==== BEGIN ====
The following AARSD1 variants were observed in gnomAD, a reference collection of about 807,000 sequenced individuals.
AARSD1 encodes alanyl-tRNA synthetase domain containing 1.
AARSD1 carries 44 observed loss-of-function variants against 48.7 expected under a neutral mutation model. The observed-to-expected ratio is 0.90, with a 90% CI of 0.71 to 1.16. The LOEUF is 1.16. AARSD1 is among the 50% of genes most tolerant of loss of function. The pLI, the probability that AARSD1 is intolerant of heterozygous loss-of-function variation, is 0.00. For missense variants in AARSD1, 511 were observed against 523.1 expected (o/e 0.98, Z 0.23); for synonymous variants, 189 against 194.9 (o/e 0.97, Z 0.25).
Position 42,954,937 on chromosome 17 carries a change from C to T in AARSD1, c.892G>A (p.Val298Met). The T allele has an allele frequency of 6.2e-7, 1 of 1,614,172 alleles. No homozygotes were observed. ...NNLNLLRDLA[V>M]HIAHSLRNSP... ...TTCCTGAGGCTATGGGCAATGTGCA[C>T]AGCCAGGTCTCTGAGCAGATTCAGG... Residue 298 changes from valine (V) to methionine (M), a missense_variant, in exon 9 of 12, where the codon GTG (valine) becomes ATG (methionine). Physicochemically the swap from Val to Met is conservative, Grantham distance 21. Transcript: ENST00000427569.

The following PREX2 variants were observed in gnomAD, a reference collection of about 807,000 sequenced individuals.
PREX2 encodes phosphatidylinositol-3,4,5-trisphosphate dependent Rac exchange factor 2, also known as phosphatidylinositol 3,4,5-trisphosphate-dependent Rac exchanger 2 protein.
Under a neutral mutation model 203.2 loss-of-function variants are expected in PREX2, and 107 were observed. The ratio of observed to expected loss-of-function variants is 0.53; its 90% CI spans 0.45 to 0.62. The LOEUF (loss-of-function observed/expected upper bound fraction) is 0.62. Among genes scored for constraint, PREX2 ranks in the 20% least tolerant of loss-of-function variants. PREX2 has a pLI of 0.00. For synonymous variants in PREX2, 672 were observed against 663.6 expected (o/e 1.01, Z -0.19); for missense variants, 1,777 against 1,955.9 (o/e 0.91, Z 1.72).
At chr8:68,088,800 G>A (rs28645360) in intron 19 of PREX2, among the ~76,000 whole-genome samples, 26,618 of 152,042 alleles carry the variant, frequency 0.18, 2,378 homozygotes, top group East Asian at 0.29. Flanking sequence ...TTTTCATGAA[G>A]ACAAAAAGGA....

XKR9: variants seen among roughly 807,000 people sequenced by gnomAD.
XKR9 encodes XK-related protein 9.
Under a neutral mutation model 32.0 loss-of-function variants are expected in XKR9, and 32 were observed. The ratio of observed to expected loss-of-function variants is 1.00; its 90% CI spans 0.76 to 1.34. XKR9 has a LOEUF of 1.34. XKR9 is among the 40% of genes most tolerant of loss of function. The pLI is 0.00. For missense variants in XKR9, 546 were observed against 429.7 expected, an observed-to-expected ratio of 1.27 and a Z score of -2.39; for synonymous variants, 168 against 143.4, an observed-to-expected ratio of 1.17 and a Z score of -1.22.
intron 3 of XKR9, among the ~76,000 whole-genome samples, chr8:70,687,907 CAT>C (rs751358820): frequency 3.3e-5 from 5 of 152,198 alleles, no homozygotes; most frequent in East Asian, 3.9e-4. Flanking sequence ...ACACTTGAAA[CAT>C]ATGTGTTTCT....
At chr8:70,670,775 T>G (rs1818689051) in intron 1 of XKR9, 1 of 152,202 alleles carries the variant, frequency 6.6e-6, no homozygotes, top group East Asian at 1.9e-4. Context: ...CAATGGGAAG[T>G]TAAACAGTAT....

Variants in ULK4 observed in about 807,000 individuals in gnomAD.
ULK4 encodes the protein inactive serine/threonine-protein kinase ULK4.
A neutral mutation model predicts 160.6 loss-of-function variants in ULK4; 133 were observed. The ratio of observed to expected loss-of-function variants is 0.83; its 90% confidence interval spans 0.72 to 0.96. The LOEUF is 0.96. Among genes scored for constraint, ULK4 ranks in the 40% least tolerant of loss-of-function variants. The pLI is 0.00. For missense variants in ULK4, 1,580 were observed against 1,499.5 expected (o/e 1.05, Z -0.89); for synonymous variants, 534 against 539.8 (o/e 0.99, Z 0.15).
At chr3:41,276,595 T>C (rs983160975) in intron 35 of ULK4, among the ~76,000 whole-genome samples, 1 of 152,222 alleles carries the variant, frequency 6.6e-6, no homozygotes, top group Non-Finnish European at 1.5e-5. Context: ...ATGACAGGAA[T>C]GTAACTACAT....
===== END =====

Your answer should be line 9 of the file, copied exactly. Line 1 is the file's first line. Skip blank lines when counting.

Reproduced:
XKR9: variants seen among roughly 807,000 people sequenced by gnomAD.